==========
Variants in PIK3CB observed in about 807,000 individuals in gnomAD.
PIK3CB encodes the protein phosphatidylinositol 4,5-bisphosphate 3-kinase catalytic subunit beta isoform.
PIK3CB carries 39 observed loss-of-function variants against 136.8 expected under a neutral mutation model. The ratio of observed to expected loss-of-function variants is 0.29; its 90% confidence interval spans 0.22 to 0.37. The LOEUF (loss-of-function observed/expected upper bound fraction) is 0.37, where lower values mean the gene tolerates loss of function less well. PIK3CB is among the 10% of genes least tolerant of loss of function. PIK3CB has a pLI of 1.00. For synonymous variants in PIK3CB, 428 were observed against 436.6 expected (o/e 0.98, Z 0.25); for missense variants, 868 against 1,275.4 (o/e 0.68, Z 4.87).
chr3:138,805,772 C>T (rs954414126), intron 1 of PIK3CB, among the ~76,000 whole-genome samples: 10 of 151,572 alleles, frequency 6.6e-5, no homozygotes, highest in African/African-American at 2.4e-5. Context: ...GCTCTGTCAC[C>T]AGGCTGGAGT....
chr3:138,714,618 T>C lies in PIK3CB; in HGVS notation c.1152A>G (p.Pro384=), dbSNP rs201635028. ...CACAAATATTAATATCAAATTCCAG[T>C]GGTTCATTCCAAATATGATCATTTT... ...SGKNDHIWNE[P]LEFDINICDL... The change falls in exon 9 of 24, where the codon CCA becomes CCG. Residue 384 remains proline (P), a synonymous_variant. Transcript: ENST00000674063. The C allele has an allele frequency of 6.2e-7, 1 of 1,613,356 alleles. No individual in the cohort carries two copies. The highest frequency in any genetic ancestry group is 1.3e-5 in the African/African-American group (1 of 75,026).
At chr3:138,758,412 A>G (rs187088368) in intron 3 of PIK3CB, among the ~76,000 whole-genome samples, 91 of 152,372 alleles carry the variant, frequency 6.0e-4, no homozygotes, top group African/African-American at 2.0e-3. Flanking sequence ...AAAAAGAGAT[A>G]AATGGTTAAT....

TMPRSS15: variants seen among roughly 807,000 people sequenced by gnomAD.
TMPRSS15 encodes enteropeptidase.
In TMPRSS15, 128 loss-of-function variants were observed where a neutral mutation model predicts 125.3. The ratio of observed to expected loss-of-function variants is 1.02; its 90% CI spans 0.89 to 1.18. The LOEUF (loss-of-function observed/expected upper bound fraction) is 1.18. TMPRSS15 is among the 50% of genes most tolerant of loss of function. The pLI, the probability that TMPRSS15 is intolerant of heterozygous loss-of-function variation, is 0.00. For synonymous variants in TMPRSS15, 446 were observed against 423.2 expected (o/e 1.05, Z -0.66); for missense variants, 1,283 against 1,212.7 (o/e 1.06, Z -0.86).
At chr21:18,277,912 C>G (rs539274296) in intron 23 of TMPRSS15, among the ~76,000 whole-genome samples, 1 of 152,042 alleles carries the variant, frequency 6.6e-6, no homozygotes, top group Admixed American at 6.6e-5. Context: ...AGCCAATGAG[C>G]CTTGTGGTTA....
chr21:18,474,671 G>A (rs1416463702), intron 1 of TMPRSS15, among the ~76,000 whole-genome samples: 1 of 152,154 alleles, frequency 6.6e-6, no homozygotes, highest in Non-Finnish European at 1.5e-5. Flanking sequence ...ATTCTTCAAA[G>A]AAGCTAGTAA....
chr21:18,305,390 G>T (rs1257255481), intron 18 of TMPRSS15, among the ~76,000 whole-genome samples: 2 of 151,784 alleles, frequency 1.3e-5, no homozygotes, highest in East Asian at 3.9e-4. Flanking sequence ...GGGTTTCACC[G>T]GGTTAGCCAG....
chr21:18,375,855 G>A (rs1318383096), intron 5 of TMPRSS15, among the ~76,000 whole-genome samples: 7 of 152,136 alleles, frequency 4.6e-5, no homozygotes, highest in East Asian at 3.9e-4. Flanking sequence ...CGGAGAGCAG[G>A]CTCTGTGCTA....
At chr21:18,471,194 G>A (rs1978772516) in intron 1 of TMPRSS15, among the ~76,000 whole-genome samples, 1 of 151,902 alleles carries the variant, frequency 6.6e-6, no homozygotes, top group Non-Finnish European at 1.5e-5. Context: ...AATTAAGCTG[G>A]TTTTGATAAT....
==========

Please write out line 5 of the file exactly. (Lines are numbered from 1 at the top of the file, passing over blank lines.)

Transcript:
chr3:138,714,618 T>C lies in PIK3CB; in HGVS notation c.1152A>G (p.Pro384=), dbSNP rs201635028. ...CACAAATATTAATATCAAATTCCAG[T>C]GGTTCATTCCAAATATGATCATTTT... ...SGKNDHIWNE[P]LEFDINICDL... The change falls in exon 9 of 24, where the codon CCA becomes CCG. Residue 384 remains proline (P), a synonymous_variant. Transcript: ENST00000674063. The C allele has an allele frequency of 6.2e-7, 1 of 1,613,356 alleles. No individual in the cohort carries two copies. The highest frequency in any genetic ancestry group is 1.3e-5 in the African/African-American group (1 of 75,026).